Referring now to the drawing, according to one specific embodiment of the invention, a hydrocracking catalyst is prepared by suspending same in the reactant hydrocarbon and subsequently passing the catalyst dispersion directly to a suspended catalyst hydrocracking operation for hydrocracking topped crude. A finely divided pyrogenic alumina is introduced into impregnation zone 10 by Way of line 11 and is contacted therein with an aqueous solution of cobalt nitrate and ammonium molybdate introduced through line 12. The alumina base is impregnated in zone 10 by thoroughly mixing same with the aqueous solution of catalytic element until a uniform slurry is obtained. The mixing in zone 10 can be continued until it is certain that the alumina carrier is impregnated with the desired amount of the catalytic element, which is cobalt-molybdate in this embodiment.
An aqueous slurry of the impregnated finely divided pyrogenic alumina carrier is removed from zone 10 and passed to mixing zone 13 wherein the aqueous slurry is intimately mixed with a hydrocarbon dispersing medium introduced by way of line 14. In the present embodiment, the hydrocarbon dispersing medium employed is topped crude, which is also the reactant for the subsequent hydrocracking process. The amount of hydrocarbon mixed with the aqueous slurry in zone 13 Will be suflicient to provide a final mixture containing hydrocarbon as a major proportion of the mixture. The mixture obtained in zone 13 is then passed by way of line 15 to milling zone 16 wherein the mixture obtained in zone 13 is subjected to high-shear milling. Milling zone 16 can be any known milling or grinding device suitable for subjecting the mixture to high-shear milling so as to form a uniform dispersion of the catalyst in the hydrocarbon. Suitable devices include three-roll paint mills, pigment mills, ink mills, ball mills, colloid mills, homogenizers or similar devices.
The high-shear milling effected in zone 16 generally causes heating of the dispersion being passed through the mill so that the effluent removed from the milling zone ordinarily can be subjected to flash conditions without further heating to remove water from the dispersion. However, if the high-shear milling does not cause a sufficient temperature rise of the mixture, the mixture in line 15 passed to milling zone 16 can be heated or, if desired, the efliuent removed by line 17 from milling zone 16 can be heated to the desired flashing temperature for removing water. Generally, the effluent removed from milling zone 16 is at a temperature ranging from about 225 to about 400 F., preferably from about 250 to about 350 F. to facilitate substantially complete Water removal by flashing from the milling zone efliuent. The mill effiuent in line 17 at an elevated temperature such as set forth above is passed to flash zone 18 wherein the Water is flashed otf from the dispersion and removed by way of line 19. A liquid colloidal suspension of finely divided catalyst in topped crude, which is substantially water-free, is removed from flash zone 18 by way of line 20.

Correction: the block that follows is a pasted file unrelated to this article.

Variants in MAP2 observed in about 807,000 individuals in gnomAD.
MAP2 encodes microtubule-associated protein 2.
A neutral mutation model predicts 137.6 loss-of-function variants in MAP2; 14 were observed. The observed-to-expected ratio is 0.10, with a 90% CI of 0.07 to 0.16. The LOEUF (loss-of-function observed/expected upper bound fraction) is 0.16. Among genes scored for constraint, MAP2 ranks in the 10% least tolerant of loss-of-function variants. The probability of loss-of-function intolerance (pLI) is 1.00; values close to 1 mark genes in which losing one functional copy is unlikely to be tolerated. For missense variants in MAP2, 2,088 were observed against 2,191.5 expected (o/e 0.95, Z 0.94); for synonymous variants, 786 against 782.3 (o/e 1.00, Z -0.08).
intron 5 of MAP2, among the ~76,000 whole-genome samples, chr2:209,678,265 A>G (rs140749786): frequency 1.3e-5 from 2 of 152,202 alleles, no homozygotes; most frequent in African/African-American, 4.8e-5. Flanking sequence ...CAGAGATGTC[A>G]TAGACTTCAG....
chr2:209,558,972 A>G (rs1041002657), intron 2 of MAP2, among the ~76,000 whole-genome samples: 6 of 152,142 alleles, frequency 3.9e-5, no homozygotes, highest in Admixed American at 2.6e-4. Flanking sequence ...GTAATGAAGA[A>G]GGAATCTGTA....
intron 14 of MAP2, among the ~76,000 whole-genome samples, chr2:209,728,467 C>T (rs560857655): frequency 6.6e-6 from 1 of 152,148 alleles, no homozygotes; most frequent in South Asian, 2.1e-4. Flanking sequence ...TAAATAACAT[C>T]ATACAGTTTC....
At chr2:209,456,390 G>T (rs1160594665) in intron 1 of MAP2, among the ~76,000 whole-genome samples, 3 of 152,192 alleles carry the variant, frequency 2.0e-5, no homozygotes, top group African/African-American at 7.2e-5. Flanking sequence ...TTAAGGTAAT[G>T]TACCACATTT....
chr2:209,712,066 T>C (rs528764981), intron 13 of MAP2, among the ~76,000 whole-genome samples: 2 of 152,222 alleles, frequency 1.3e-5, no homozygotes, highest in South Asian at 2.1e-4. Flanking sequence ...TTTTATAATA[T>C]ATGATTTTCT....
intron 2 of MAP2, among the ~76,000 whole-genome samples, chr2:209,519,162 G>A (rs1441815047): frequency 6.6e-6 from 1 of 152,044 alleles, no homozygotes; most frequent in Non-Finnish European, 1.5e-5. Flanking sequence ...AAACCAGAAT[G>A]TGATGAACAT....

The liquid colloidal suspension of catalyst in topped crude removed from the water flash zone is passed directly to a hydrocracking reaction zone 21. Topped crude reactant and hydrogen are charged to hydrocracking zone 21 along with the colloidal suspension which is operated under conventional conditions of temperature, pressure and reaction time to convert the topped crude to the desired product. The reactant and hydrogen can be charged to zone 21 by way of line 22. The hydrocracking reaction improves the gravity of the reactant hydrocarbon, which is ordinarily a material of poor properties, as Well as effecting the removal of undesirable contaminants such as sulfur compounds, nitrogen compounds, organometallic compounds, and the like. The condition obtaining in zone 21 ondinarily range from a temperature of about 600 to about 900 F., a pressure ranging from about to 5000 p.s.i.g., a liquid hourly space velocity ranging from about 0.2 to about 10 and a hydrogen flow rate of about 500 to about 10,000 cubic feet per barrel of oil feed. The catalyst usually amounts to about 0.2 to about 5 weight percent, preferably about 1 to about 5 Weight percent of the oil charged. When the oil-catalyst suspension is prepared with a higher concentration of catalyst than desired in the conversion zone, catalyst-free oil can be charged in sufiicient amount to reduce the catalyst concentration to the desired level.
The hydrocracking zone effluent removed by line 23 is processed for catalyst and product separation. The catalyst can be separated, for example, by fractionation of the hydrocracker effluent to produce a slurry oil containing the catalyst, and the catalyst recovered therefrom by filtration or centrifuging. The recovered catalyst can be regenerated by burning off the carbon in a suspended solid type of operation. The above procedure is generally referred to in the drawing as zone 24. The catalyst removed from zone 24 by line 25 can be recycled to the hydrocracking zone 21 when desired. The products freed of catalyst are passed by way of line 26 to product separation wherein the products are separated into individual components by known separation procedures.